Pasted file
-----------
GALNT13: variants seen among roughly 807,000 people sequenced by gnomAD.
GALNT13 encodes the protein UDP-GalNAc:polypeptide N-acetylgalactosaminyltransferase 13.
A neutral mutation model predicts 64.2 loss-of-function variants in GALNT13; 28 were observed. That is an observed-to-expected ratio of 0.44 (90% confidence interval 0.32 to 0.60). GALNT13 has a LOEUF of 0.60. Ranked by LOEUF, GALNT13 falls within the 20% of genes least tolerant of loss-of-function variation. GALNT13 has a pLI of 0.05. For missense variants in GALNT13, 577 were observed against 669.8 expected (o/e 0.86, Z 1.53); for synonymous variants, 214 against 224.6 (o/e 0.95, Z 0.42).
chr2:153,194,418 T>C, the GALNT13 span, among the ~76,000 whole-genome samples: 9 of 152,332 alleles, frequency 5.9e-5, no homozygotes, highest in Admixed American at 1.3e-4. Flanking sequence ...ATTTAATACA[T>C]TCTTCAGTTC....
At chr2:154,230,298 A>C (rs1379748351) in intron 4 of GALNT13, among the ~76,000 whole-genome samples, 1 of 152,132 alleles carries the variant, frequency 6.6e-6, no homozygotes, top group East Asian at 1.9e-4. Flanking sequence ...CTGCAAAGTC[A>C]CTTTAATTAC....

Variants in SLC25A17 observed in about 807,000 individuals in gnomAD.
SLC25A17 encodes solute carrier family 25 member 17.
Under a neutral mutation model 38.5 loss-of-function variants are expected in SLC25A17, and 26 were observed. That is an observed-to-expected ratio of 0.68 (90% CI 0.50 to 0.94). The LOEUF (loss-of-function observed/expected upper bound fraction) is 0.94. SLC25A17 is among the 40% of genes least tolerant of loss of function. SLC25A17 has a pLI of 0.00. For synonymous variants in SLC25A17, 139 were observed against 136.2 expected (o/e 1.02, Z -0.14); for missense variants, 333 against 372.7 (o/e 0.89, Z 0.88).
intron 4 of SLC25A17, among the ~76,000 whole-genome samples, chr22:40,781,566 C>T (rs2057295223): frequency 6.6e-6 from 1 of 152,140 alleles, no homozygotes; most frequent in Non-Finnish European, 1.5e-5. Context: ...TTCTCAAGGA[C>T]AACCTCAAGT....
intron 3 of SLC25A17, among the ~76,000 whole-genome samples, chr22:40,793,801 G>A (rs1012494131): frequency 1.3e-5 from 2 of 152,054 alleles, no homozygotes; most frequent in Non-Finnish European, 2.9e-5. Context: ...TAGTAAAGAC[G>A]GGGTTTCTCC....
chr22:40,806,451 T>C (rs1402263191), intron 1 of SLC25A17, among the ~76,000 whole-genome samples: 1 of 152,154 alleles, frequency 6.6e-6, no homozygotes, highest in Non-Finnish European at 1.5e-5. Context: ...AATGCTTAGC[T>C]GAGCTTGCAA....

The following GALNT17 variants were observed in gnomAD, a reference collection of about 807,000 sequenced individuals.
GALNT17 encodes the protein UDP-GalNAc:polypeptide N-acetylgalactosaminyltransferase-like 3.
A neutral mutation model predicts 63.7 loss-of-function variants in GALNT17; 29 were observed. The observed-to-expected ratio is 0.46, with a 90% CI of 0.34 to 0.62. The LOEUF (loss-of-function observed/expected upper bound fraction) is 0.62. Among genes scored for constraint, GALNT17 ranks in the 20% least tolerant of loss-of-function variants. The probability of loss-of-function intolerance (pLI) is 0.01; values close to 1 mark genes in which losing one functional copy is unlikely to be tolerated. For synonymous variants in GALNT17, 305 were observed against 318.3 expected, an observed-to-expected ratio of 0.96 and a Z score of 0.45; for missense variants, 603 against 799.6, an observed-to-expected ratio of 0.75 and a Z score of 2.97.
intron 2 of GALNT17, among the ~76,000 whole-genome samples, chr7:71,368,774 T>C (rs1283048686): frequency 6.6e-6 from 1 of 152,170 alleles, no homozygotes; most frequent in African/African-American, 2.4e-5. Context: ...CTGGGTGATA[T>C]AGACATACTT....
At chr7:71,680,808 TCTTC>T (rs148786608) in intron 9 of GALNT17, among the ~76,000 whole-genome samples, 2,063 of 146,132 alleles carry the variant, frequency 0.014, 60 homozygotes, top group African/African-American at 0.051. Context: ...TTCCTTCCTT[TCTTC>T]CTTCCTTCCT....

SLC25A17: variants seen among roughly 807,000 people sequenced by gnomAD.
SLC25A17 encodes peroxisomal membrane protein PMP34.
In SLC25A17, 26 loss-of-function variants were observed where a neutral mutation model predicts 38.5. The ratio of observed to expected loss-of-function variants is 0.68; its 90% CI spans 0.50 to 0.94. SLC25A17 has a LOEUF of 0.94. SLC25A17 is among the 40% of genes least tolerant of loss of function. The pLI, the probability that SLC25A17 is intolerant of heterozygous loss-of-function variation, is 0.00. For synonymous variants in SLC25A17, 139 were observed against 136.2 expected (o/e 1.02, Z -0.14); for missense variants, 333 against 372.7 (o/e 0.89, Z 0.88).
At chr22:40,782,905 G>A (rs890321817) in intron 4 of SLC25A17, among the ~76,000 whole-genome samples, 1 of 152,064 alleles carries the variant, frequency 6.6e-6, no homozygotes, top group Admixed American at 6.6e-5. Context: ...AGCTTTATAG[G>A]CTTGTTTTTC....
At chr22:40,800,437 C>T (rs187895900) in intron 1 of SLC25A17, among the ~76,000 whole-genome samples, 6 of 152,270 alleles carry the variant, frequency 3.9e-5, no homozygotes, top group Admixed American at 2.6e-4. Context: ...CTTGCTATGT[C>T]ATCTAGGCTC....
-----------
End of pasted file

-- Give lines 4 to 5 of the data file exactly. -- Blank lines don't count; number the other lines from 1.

chr2:153,194,418 T>C, the GALNT13 span, among the ~76,000 whole-genome samples: 9 of 152,332 alleles, frequency 5.9e-5, no homozygotes, highest in Admixed American at 1.3e-4. Flanking sequence ...ATTTAATACA[T>C]TCTTCAGTTC....
At chr2:154,230,298 A>C (rs1379748351) in intron 4 of GALNT13, among the ~76,000 whole-genome samples, 1 of 152,132 alleles carries the variant, frequency 6.6e-6, no homozygotes, top group East Asian at 1.9e-4. Flanking sequence ...CTGCAAAGTC[A>C]CTTTAATTAC....